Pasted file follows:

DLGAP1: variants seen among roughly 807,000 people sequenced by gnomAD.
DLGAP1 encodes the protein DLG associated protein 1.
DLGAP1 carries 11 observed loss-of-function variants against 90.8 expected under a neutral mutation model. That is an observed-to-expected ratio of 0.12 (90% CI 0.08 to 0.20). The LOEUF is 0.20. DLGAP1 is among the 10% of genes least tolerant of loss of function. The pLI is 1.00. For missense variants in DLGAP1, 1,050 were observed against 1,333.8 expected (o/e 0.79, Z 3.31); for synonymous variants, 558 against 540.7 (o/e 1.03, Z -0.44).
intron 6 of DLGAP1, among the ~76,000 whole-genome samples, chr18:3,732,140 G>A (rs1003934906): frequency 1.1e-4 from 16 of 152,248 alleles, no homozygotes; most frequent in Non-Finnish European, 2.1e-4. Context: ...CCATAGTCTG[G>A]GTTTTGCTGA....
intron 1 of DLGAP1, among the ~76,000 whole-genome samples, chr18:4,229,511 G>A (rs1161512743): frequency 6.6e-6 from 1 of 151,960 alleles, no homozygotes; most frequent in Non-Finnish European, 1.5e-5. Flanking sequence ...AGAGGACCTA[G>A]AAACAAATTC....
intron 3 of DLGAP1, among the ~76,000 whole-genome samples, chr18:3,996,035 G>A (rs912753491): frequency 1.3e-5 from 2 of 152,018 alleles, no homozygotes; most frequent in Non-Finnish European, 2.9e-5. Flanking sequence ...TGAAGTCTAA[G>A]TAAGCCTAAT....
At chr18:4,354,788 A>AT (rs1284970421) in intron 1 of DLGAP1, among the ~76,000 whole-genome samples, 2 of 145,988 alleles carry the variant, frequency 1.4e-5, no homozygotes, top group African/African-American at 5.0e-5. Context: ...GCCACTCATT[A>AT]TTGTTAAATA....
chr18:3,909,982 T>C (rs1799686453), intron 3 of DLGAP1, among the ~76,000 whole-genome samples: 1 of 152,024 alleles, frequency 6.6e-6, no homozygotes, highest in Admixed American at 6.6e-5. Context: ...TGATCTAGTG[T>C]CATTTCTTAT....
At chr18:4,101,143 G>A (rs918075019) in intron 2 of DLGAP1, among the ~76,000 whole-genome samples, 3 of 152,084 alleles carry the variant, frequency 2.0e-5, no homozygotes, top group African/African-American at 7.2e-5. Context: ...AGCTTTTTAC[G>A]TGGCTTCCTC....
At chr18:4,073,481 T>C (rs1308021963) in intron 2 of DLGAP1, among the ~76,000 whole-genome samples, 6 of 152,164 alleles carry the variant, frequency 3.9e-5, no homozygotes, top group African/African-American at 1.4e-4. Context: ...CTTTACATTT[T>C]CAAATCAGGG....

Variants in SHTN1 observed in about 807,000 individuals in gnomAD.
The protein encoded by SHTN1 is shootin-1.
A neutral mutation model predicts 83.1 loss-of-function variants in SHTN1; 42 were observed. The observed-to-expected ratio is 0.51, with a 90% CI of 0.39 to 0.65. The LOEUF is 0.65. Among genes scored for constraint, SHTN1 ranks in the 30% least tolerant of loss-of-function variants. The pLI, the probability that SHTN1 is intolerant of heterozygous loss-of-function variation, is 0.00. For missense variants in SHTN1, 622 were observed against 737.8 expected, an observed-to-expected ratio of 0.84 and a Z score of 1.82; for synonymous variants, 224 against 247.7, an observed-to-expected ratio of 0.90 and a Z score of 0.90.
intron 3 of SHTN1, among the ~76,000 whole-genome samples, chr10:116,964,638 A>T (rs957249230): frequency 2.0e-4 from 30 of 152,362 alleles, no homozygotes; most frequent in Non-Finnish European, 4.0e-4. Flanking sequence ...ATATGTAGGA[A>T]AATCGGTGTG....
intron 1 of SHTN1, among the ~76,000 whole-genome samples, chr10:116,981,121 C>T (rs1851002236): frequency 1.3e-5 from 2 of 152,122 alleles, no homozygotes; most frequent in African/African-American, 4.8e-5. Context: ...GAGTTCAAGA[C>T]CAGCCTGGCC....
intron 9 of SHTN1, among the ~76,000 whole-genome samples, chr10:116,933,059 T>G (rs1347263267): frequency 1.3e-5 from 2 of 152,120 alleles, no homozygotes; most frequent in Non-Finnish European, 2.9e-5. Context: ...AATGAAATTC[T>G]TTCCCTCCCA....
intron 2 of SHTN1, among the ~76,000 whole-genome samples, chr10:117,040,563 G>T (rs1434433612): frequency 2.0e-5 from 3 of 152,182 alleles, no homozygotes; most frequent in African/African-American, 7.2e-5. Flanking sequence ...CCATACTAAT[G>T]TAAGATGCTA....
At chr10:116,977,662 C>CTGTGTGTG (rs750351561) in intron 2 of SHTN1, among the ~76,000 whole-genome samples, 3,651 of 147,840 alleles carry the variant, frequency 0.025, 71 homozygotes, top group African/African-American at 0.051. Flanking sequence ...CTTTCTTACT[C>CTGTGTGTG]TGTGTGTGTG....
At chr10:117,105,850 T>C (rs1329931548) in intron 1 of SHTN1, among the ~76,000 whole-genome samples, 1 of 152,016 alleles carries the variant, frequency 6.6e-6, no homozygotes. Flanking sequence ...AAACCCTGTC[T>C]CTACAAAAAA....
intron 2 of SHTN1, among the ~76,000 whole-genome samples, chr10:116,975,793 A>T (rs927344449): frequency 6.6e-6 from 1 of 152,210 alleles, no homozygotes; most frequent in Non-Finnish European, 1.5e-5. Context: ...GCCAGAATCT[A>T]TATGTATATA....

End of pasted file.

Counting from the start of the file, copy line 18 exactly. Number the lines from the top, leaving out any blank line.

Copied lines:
At chr10:116,977,662 C>CTGTGTGTG (rs750351561) in intron 2 of SHTN1, among the ~76,000 whole-genome samples, 3,651 of 147,840 alleles carry the variant, frequency 0.025, 71 homozygotes, top group African/African-American at 0.051. Flanking sequence ...CTTTCTTACT[C>CTGTGTGTG]TGTGTGTGTG....